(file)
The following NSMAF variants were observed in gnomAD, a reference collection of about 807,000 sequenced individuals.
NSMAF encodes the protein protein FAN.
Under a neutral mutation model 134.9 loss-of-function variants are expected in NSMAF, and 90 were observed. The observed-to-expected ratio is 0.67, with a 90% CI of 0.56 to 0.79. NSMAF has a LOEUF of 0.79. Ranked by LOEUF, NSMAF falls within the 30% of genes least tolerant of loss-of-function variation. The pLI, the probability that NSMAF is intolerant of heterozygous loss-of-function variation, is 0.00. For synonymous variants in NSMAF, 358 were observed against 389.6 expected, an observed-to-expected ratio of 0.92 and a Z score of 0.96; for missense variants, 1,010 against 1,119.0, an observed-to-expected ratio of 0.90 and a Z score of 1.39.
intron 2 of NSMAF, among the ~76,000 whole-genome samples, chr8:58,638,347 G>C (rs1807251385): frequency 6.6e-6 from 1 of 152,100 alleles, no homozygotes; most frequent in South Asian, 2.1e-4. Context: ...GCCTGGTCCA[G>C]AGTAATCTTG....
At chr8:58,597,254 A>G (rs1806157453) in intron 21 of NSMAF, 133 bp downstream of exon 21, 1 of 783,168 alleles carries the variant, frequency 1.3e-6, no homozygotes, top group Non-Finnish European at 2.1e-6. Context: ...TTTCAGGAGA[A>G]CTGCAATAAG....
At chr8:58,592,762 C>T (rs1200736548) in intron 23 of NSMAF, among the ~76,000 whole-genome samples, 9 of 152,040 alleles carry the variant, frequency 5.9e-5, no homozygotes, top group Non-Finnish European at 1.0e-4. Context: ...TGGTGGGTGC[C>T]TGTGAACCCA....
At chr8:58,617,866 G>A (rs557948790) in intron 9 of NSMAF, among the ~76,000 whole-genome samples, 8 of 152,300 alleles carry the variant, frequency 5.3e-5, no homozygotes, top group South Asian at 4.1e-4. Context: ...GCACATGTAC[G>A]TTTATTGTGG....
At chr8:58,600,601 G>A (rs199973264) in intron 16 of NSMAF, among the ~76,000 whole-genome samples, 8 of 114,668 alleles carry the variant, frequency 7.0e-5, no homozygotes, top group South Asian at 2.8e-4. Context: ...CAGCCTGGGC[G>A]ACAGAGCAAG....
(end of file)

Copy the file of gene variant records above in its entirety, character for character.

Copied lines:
The following NSMAF variants were observed in gnomAD, a reference collection of about 807,000 sequenced individuals.
NSMAF encodes the protein protein FAN.
Under a neutral mutation model 134.9 loss-of-function variants are expected in NSMAF, and 90 were observed. The observed-to-expected ratio is 0.67, with a 90% CI of 0.56 to 0.79. NSMAF has a LOEUF of 0.79. Ranked by LOEUF, NSMAF falls within the 30% of genes least tolerant of loss-of-function variation. The pLI, the probability that NSMAF is intolerant of heterozygous loss-of-function variation, is 0.00. For synonymous variants in NSMAF, 358 were observed against 389.6 expected, an observed-to-expected ratio of 0.92 and a Z score of 0.96; for missense variants, 1,010 against 1,119.0, an observed-to-expected ratio of 0.90 and a Z score of 1.39.
intron 2 of NSMAF, among the ~76,000 whole-genome samples, chr8:58,638,347 G>C (rs1807251385): frequency 6.6e-6 from 1 of 152,100 alleles, no homozygotes; most frequent in South Asian, 2.1e-4. Context: ...GCCTGGTCCA[G>C]AGTAATCTTG....
At chr8:58,597,254 A>G (rs1806157453) in intron 21 of NSMAF, 133 bp downstream of exon 21, 1 of 783,168 alleles carries the variant, frequency 1.3e-6, no homozygotes, top group Non-Finnish European at 2.1e-6. Context: ...TTTCAGGAGA[A>G]CTGCAATAAG....
At chr8:58,592,762 C>T (rs1200736548) in intron 23 of NSMAF, among the ~76,000 whole-genome samples, 9 of 152,040 alleles carry the variant, frequency 5.9e-5, no homozygotes, top group Non-Finnish European at 1.0e-4. Context: ...TGGTGGGTGC[C>T]TGTGAACCCA....
At chr8:58,617,866 G>A (rs557948790) in intron 9 of NSMAF, among the ~76,000 whole-genome samples, 8 of 152,300 alleles carry the variant, frequency 5.3e-5, no homozygotes, top group South Asian at 4.1e-4. Context: ...GCACATGTAC[G>A]TTTATTGTGG....
At chr8:58,600,601 G>A (rs199973264) in intron 16 of NSMAF, among the ~76,000 whole-genome samples, 8 of 114,668 alleles carry the variant, frequency 7.0e-5, no homozygotes, top group South Asian at 2.8e-4. Context: ...CAGCCTGGGC[G>A]ACAGAGCAAG....